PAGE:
Maybe a challenge for graphics engines. Some of them supported destructible maps, that could be a part of the solution. But I wouldn't be the one implementing the quest and puzzle logic

So it seems that sometimes, a simpler representation like 2D map or uglier graphics allow for more freedom and more game complexity.
But passwall is fun in the Bard's Tale, of course it is a pretty high level spell, so you get it late in the game and it costs a high amount of spell points, so you don't want to use it without careful thought. It does change how you playthrough some dungeons, though, and that is pretty cool.
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February 20th, 2021, 20:17
Originally Posted by forgottenlor View Post
But passwall is fun in the Bard's Tale, of course it is a pretty high level spell, so you get it late in the game and it costs a high amount of spell points, so you don't want to use it without careful thought. It does change how you playthrough some dungeons, though, and that is pretty cool.
I can imagine! I haven't played it but it does sound fun.
That's the first time I hear about this spell, had to look it up
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February 21st, 2021, 00:29
It was also my favourite spell in Arena, but was dropped from Daggerfall!!
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February 21st, 2021, 09:06
Originally Posted by largh View Post
There are many new/current games that have this feature, of course, but have you noticed how the devs have shortened down the night time in Red Dead Redemption 2? That bothered me. As if they were giving excuses for implementing the system. I love nights (in games and in real life).
I haven't actually played that game. It would be fun to explore the old west at night, play some cards at a saloon and see some dancers etc.
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February 21st, 2021, 09:29
Originally Posted by Silver View Post
I haven't actually played that game. It would be fun to explore the old west at night, play some cards at a saloon and see some dancers etc.
Yes, try it if you crave some western time and hanging in the wilderness It's a great game. Not an RPG, of course, but can be played like a type Witcher RPG with a predefined protagonist.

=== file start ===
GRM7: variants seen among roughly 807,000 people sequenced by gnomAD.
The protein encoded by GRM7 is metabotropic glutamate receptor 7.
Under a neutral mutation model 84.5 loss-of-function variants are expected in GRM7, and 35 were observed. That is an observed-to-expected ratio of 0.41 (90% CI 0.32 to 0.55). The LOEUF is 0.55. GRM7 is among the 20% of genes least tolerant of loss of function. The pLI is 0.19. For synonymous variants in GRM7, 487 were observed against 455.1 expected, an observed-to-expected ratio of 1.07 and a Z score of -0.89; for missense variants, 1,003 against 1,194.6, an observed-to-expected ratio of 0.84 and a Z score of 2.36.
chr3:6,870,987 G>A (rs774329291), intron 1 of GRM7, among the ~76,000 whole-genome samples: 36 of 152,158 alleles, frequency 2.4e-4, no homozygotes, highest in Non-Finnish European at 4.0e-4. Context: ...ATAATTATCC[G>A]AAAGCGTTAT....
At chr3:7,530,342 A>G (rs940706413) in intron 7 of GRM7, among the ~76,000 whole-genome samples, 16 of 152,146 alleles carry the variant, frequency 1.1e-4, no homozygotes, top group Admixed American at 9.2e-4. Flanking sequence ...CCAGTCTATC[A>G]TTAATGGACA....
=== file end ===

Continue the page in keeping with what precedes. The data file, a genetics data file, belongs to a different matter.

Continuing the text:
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February 21st, 2021, 13:53
So when is this new patch coming out?

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February 21st, 2021, 14:38
Originally Posted by Silver View Post
Interesting following the discussion. Okay here is my 2 cents on complexity in RPGs back in say the 90s compared to now in terms of non-combat systems. Combat systems could go on for pages.

- Map notes were a thing in some RPGs in the 90s and largely unheard of today. I miss map notes.
This is one of features that I most liked in Ultima Underworld, and I'm mentioning a game from 1992. And then, 30 years later this feature kinda vanished from games???
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Last edited by henriquejr; February 21st, 2021 at 20:26. Reason: Corrected the word "vanished" (it was typed as "vaninshed")
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February 21st, 2021, 18:59
Originally Posted by henriquejr View Post
This is one of features that I most liked in Ultima Underworld, and I'm mentioning a game from 1992. And then, 30 years later this feature kinda vaninshed from games???
Yeah, and the ironic thing is that some of the open-world games today could really benefit from from that. I also can't imagine that it's very difficult to implement.
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February 21st, 2021, 19:06
I quite agree, Henriquejr. That was a solid addition to games back then, and I don't understand why it just vanished. I mean, I've seen it in mmo's but for single player games these days, it's practically non-existent. It doesn't seem like it would be hard to put in but then again I'm a player, not a creator.
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February 22nd, 2021, 10:01
I'm glad to hear I wasn't the only one to use map notes. Were you also using journal notes? I used to put extra information because sometimes the generated notes were a bit succinct, for ex. in NWN. Or just for out-of-quest to-do things.

Now I'm using paper, ironically.

I wish they put those journal notes in Pathfinder games, it would be perfect since their journal is well summarized. Then they could put a difficulty option to remove the world map pointers